Planning automated guided vehicle movements in a factory
Kwa, James Boon Hwee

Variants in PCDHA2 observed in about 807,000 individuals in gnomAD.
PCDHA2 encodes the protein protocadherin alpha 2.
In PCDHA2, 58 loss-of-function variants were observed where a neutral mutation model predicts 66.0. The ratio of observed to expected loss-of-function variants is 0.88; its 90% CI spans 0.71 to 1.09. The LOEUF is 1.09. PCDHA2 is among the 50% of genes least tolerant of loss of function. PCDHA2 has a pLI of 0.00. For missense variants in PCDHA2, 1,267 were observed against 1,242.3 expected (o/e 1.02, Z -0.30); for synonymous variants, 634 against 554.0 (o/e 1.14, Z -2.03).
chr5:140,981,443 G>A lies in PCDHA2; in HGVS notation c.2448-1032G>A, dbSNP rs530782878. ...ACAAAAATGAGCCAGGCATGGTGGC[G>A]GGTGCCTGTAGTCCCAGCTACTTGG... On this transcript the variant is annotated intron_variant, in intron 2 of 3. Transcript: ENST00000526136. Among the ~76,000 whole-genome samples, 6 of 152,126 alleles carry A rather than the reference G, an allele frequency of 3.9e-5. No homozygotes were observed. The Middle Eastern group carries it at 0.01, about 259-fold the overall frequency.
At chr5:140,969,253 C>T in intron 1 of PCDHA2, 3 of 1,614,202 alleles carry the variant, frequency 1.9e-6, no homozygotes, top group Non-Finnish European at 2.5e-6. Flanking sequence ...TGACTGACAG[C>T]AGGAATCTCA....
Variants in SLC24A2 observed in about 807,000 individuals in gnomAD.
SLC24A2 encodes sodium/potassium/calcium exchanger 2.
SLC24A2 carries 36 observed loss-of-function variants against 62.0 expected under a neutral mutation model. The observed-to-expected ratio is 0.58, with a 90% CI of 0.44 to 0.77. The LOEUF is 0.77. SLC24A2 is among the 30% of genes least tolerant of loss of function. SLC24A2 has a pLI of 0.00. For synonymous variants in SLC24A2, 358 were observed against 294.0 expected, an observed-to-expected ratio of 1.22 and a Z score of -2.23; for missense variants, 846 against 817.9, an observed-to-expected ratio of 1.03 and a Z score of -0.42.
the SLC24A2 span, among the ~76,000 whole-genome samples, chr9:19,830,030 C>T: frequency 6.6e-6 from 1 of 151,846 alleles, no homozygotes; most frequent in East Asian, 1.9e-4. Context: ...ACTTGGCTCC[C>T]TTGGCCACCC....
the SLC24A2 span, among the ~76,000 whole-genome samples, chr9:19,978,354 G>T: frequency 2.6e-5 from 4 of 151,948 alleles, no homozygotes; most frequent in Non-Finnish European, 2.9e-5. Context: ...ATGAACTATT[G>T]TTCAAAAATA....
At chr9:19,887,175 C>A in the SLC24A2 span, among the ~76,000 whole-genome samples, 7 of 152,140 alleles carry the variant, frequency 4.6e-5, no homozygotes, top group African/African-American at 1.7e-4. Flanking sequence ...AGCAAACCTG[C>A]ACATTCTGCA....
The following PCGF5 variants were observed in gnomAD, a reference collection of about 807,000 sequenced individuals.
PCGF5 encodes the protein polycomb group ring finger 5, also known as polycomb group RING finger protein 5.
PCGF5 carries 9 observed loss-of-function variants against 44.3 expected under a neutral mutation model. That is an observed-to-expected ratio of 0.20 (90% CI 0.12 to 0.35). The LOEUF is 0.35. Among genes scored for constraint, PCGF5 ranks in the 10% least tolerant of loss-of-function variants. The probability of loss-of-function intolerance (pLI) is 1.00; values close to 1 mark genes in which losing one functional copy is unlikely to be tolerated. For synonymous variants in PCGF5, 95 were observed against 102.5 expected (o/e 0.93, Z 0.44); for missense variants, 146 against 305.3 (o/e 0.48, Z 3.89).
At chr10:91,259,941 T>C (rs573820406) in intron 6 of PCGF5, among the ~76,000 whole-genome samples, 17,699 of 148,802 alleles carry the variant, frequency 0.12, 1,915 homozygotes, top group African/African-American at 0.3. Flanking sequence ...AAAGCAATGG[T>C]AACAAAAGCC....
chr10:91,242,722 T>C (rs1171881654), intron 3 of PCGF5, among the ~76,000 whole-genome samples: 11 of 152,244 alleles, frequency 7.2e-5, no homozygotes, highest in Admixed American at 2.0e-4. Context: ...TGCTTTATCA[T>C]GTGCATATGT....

This dissertation examines the problems of planning automated guided vehicle (AGV) movement schedules in an automated factory. AGVs are used mainly for material delivery and will have an important role in linking "islands of automation" in automated factories. Their employment in this context requires the plans to be generated in a manner which supports temporal projection so that further planning in other areas is possible. Planning also occurs in a dynamic scenario—while some plans are being executed, planning for new tasks and replanning failing plans occur. Expeditious planning is thus important so that deadlines can be met. Furthermore, dynamic replanning in a multi-agent environment has repercussions—changing one plan may require revision of other plans. Hence the issue of limiting the side effects of dynamic replanning is also considered. In dealing with these issues, the goals of this research are: (1) generate movement plans which can be executed efficiently; (2) develop fast algorithms for the recurrent subproblems viz. task assignment and route planning; and (3) generate robust plans which tolerate execution deviations; this helps to minimize disruptive dynamic replanning with its tendency to initiate a chain reaction of plan revisions. Efficient movement plans mean more productive utilization of the AGV fleet and this objective can be realized by three approaches. First, the tasks are assigned to AGVs optimally using an improved implementation of the Hungarian method. Second, the planner computes shortest routes for the AGVs using a bidirectional heuristic search algorithm which is amenable to parallel implementation for further computational time reduction. Third, whenever AGVs are fortuitously predisposed to assist each other in task execution, the planner will generate gainful collaborative plans. Efficient algorithms have been developed in these areas. The algorithms for task assignment and route planning are also designed to be fast, in keeping with the objective of expeditious planning. Robust plans can be generated using the approach of tolerant planning. Robustness is achieved in two ways: (1) by being tolerant of an AGV's own execution deviations; and (2) by being tolerant of other AGVs' deviant behaviour. Tolerant planning thus defers dynamic replanning until execution errors become excessive. The underlying strategy is to provide more than ample resources (time) for AGVs to achieve various subgoals. Such redundancies aggravate the resource contention problem. To solve this, an iterative negotiation model is proposed. During negotiations, AGVs yield in turn to help eliminate the conflict. The negotiation behaviour of each is governed by how much spare resources each has and tends towards intransigence as the bottom line is approached. In this way, no AGV will jeopardize its own plan while cooperating in the elimination of conflicts. By gradual yielding, an AGV is also able to influence the other party to yield more if it can, therein achieving some fairness. The model has many of the characteristics of negotiation acts in the real world (e.g. skilful negotiation, intransigence, selfishness, willingness to concede, nested negotiations).
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